Review: American Horror Story Freak Show, “Curtain Call”

American Horror Story damn near broke my heart last night. The final episode of the the fourth season was one of the least compelling hours of the show I’ve seen, lacking the panache of other episodes and negating much of what happened during the season. There were a few things I knew we’d see–Elsa Mars gets her TV show and the Tattler sisters find their man–but the finality of many of the other story lines was frustrating. (Warning, Spoilers Below.)


Dandy bought the freak show. I wasn’t surprised that we started here. After all, we’ve watched Dandy’s progression from spoiled man-child to spoiled killing machine. And we’ve always known that he’s fascinated with the freaks–especially the Tattler sisters.

The cast members revolt, though. They don’t want to work for him–and so they won’t. The situation quickly deteriorates, and this is when Dandy dresses in a suit and goes on a shooting rampage, killing every character not played by a series regular. And I cringed. The 15 minutes of rampage seem like such a waste of story-telling and of screen-time. The action is out of character for Dandy. And it’s too clearly a move not to have to give so many characters their what-happened-after stories. It feels like lazy writing. It’s compounded by the fact that some of the most interesting and layered characters were there.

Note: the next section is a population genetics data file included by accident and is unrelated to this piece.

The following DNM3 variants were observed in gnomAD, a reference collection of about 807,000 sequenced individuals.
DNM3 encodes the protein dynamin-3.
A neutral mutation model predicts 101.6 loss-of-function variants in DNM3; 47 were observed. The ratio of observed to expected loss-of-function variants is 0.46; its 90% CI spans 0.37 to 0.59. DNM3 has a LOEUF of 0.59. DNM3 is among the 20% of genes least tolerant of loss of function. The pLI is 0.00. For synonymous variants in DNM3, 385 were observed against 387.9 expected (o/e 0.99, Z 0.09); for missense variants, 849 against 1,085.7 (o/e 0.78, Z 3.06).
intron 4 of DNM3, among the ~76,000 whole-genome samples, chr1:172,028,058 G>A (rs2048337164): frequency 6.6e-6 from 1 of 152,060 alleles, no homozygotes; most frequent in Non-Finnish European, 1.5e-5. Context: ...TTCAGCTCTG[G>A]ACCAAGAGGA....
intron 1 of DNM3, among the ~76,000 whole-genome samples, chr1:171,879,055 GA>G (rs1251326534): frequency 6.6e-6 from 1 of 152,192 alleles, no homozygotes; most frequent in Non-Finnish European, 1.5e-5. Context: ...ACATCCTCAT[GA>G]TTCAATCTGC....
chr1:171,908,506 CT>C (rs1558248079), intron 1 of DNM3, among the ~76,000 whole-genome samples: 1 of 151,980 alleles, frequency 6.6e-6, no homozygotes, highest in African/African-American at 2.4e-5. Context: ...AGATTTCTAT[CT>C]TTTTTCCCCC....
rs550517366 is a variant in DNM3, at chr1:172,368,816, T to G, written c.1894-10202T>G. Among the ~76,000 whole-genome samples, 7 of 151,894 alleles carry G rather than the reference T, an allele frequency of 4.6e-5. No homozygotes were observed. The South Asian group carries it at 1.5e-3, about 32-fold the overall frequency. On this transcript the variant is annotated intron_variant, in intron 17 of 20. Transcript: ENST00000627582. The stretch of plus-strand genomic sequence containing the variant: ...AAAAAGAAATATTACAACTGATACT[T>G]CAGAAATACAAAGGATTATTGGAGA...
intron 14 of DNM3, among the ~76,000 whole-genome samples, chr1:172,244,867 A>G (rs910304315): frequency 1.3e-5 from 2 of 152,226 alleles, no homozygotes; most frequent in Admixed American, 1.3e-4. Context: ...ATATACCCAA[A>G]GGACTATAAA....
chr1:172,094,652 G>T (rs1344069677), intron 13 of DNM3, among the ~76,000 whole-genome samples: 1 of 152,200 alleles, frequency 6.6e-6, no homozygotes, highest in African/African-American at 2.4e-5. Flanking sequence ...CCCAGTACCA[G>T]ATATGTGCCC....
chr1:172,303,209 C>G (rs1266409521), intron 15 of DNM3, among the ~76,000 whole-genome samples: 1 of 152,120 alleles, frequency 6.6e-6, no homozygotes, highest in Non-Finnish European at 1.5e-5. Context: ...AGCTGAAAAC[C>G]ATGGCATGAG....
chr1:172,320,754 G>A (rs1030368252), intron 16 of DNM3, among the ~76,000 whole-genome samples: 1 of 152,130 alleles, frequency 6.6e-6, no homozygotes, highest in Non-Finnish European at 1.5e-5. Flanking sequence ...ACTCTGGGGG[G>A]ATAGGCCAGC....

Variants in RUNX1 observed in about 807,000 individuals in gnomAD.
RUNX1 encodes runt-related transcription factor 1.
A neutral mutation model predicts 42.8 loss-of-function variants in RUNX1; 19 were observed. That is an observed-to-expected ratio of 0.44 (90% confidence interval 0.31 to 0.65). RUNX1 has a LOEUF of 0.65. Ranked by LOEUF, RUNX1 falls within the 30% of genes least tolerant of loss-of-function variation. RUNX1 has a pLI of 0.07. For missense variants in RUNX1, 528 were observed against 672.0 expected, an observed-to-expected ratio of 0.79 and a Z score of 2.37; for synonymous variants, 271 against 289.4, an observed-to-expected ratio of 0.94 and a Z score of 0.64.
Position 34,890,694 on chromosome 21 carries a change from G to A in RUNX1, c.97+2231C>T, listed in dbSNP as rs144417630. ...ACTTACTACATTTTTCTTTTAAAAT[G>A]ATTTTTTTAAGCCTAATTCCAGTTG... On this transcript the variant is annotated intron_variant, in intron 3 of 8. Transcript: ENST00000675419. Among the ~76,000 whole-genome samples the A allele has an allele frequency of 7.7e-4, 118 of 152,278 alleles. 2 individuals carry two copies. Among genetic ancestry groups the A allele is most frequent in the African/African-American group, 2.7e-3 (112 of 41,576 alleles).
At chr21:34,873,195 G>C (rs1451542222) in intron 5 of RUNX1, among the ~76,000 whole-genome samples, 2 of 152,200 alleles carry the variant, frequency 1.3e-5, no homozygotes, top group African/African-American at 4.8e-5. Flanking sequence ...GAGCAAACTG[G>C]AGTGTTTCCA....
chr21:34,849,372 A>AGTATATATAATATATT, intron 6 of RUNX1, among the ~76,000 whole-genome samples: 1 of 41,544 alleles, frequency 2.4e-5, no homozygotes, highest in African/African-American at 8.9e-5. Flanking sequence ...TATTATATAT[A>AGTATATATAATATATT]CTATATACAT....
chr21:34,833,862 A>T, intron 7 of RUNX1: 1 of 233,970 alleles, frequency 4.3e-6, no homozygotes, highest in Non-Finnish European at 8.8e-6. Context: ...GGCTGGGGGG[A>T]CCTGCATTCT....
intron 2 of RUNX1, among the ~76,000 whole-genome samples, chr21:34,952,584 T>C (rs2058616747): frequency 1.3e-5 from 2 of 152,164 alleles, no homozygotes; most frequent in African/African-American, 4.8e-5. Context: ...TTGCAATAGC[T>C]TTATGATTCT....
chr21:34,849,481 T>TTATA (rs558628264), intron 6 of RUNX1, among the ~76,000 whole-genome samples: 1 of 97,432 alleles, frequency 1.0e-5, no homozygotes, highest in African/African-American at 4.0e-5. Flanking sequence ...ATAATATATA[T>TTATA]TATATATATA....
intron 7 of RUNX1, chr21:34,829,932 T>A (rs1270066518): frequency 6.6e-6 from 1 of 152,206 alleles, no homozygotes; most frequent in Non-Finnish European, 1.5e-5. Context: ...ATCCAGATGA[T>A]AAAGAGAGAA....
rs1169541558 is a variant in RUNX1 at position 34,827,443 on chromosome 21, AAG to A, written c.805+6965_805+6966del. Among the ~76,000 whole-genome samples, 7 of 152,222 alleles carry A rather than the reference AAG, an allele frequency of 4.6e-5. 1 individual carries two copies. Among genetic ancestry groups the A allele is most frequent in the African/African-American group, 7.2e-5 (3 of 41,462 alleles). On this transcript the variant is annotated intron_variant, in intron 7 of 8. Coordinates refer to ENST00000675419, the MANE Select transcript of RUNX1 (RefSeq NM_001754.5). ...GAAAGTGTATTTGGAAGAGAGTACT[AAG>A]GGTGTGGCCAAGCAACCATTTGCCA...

So after this weird writing thing that happened, we have Desiree, the Tattler sisters, Jimmy, and Elsa Mars left alive. Elsa is gone, fled to Hollywood. Desiree and Jimmy are at the freak show. Dandy has kidnapped Dot and Bette. He married them and talks of having babies with them. They remind him that the can’t have kids with someone who massacred their friends. (Oh, yeah, there’s that.) And, oh, their new maid, who is actually Desiree, has drugged him, so night-night, Dandy.

Desiree, Jimmy, and the Tattler sisters have managed to tie up Dandy and get him into the water torture cell. He says something other about not being able to die just before he does. Bye, bye Dandy. (Also a sad writing decision. Dandy needed a better ending, probably actually to continue killing. He’s a fascinating bad guy.)


Elsa arrives in Hollywood only to find that it’s a lot more difficult to get noticed than she thought. She has a difficult time getting into the office of ABCBSN network executives. But oh, she has a plan. She waits and waits. And she slaps the secretary when she’s compared to Marlene Dietrich. Dear dear. Anyway she falls in the confrontation, and it’s just then that an executive comes along. He picks her up and dries her tears, and the two hit it off.

Flash forward to 1960. Elsa is a major network TV star and has married that executive who picked her up and dried her tears. Elsa seems to be a show host, some incarnation of Ed Sullivan and/or Lucille Ball, wither husband Michael as her manager. She’s getting a star on the Hollywood Walk of Fame.